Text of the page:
During this time, Dr. Liddell has shown she has the ideas and enthusiasm to lead. She's smart about the important issues and personable enough to influence and persuade. My only remaining questions are whether she can stand up to the politics and petty distractions; whether she can avoid the human temptation to avoid responsibility; and whether she can make tough decisions and stand by them. If she can, if she can keep a Joe-Clark-like focus on the future of our students, she will not only have earned the superintendent's job, she will have changed the lives of our students and shaped their future.  



Scott Colom is a local attorney.


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Reader Comments

Article Comment patriciaestes commented at 11/27/2011 12:20:00 AM:

Online courses allow us to serve students who live too far away to attend face-to-face courses. For instance High Speed Universities offer courses all over us and can get degree in months even while working.


Article Comment bravesfan commented at 11/27/2011 11:12:00 AM:

online degrees are seen more and more as being less credible. The whole online degree format and process needs to be overhauled. They just don't carry any weight when competeing with people who attained degrees from credible universities.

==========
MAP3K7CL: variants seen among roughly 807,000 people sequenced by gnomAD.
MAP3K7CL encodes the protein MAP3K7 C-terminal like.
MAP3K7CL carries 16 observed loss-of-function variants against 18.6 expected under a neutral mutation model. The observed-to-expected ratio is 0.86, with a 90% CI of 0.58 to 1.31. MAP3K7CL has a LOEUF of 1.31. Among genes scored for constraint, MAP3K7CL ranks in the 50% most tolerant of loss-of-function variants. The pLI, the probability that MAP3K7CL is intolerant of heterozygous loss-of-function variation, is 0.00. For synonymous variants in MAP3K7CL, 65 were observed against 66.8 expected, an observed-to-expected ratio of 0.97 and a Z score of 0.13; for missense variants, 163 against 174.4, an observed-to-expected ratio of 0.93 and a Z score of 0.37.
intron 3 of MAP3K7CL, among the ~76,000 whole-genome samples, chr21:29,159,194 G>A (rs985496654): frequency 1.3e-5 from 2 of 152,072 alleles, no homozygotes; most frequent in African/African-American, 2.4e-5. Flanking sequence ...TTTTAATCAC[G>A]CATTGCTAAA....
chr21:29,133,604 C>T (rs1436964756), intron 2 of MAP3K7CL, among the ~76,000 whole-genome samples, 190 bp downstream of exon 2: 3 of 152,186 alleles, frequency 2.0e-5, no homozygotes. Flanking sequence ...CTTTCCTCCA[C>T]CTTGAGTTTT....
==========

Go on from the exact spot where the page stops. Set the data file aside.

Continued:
Article Comment walter commented at 11/29/2011 7:50:00 PM:

Achieving anything remotely close to the national standards in education in Mississippi is going to be next to impossible, as long as the individuals in Jackson charged with allocating funds for education are unable to see that the education of the state's young people is the number one priority. If the state is going to rise, state legislators simply must do a better job providing for the state's young, across the board: more money for education; fewer draconian laws that felonize them for life for petty infractions; more structures after school activities; and, an attitude that says we beleive in the basic decency of our young and that we understand that they, like ourselves once were, are young and that they will make mistakes. Bush, Jr., made mistakes and he was elected President. He was allowed to pass because for him it was: "youthful, indescretion."

Isn't it about high-time more of our youths be given the benefit of doubt and their mistakes also chatrged to youthful indescretion, instead of limiting them to a permanent status of second-class citizens, again, because of petty offenses? Who ever is selected Superintendant will only be marginally successful until there has been a radical change in the mindset of those who run the state, in terms of the haste in which they're willing to lock'em up and throwing awy the key.

I sugget that the city look at one, the former, Ms. Christine Petty, originally of Columbus, who, is married now and I think resides in Jackson with her husband. She would be an ideal leader for the school system in Columbus or, perhaps, Goldie, whorecetly relocated in Columbus.


Article Comment walter commented at 11/29/2011 7:53:00 PM:


Some typos cannot be allowed to go un-corrected.